In truth, the ones I ended up snapping photos of were quite well-kept compared to a lot of ones I've seen. Because the more primitive ones, you don't even see the sign until you're practically right on top of it and I couldn't get the camera up in time. So actually, some of these look pleasant enough except they look stifling hot inside, just little cement boxes or metal boxes. I think I'd be sweating like a pig ... not like a pretty person.
But then I began to notice that sometimes the people were sitting outside, so maybe it's just a place to store their supplies, but when it's hot they work outside. Mostly they are doing intricate handiwork like braiding and such. Here's a gal working outside, for instance.
This is a woman I met about whom I don't have the most positive feelings, however I really like her hairstyle. (She looks sweet enough, but I will probably explain more about her in a later post.)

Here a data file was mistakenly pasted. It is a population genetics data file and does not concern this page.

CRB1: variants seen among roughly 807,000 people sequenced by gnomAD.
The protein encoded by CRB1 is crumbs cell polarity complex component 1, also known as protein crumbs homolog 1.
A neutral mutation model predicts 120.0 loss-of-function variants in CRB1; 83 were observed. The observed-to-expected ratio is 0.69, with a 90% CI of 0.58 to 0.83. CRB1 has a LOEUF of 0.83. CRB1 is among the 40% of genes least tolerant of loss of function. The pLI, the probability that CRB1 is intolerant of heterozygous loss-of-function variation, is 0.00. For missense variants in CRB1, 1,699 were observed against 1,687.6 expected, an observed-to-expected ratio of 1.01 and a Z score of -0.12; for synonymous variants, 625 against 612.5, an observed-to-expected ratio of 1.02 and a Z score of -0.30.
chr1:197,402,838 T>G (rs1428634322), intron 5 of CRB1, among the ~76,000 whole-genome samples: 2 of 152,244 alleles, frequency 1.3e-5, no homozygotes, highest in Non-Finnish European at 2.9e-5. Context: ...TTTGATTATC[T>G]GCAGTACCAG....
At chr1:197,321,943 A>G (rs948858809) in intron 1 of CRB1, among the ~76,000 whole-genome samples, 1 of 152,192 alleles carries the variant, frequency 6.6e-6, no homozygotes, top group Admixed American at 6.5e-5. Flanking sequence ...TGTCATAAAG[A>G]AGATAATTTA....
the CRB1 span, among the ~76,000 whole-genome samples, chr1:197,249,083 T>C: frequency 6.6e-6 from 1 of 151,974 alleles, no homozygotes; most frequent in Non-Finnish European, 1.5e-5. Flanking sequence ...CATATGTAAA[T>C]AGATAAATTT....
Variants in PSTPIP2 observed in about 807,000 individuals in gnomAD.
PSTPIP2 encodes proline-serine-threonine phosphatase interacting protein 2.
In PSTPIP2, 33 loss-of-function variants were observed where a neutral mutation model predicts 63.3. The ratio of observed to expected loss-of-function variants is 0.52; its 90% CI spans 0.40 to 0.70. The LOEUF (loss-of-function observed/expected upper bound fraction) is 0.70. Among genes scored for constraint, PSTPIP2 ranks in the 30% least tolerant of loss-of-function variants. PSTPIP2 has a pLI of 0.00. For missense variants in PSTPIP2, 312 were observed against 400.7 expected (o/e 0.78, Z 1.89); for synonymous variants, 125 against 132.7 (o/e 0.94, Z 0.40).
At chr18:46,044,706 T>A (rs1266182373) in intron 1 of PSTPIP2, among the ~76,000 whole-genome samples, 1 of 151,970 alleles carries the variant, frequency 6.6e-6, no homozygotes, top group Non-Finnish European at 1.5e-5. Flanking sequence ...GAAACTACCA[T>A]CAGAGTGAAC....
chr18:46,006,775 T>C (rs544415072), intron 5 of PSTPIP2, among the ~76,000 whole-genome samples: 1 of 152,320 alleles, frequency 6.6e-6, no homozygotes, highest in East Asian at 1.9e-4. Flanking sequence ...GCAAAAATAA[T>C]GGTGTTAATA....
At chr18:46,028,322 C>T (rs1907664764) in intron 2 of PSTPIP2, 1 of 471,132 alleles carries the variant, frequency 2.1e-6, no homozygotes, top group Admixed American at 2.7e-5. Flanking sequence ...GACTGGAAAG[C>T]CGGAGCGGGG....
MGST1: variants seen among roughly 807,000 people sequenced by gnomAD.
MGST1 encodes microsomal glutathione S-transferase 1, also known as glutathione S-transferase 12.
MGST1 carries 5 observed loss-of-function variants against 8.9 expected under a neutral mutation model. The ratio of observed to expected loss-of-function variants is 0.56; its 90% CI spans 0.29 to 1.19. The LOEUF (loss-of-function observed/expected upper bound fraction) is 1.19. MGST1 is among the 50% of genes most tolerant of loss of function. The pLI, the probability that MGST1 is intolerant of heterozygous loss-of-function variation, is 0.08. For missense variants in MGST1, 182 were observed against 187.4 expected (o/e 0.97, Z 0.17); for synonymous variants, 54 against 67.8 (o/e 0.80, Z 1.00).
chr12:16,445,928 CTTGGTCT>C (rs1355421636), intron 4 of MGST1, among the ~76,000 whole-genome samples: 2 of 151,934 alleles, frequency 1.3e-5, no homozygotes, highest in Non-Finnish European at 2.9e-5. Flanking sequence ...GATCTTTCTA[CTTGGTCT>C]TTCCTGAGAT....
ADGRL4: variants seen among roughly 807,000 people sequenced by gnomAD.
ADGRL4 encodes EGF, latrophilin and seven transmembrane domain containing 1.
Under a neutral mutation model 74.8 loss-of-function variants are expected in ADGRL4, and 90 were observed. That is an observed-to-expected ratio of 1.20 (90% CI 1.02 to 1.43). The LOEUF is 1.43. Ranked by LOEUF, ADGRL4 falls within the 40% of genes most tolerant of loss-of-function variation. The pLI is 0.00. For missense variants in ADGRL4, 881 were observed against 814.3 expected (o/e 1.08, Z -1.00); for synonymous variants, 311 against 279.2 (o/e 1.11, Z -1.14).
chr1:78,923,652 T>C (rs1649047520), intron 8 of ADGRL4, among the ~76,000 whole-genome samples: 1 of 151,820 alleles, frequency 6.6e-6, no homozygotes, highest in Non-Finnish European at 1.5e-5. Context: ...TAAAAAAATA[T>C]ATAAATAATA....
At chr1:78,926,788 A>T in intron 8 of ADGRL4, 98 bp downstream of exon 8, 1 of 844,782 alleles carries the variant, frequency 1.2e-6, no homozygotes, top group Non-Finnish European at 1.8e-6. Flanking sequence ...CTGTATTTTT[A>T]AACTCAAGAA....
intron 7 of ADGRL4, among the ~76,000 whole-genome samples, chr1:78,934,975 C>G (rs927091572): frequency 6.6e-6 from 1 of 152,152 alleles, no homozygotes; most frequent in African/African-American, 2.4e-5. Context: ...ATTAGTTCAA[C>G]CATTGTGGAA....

So here is a selection of the photos of hair salons I took from the moving car ... you'll have to forgive if they aren't awesomely framed or executed! Actually my camera did a better job than I might have expected at 120 kilometers per hour. My favorite one I saw on this trip I didn't get a photo of, but it was in Botswana and the words painted on the outside of the little shack were, "Hair Saloon."
And here is my favorite that I got a photo of ... the car wash hair salon. I wonder if their idea was to wash your car while you're getting your hair cut, or to cut your hair while your car is being washed. Of course, if there is only one employee then I guess you must do them consecutively if you'e in the market for both.
The hairstyles I love and appreciate the most in Namibia, though, are the hairstyles of the traditional Himba people. The women take a lot of pride in them. The braids are covered in a red sort-of mud mixture, similar to what they apply to their skin to make it smooth and reddish in color, which is made from local red ocher and an emollient such as animal fat or vaseline. The big tufts at the bottom are actually extensions, in other words, not their own hair.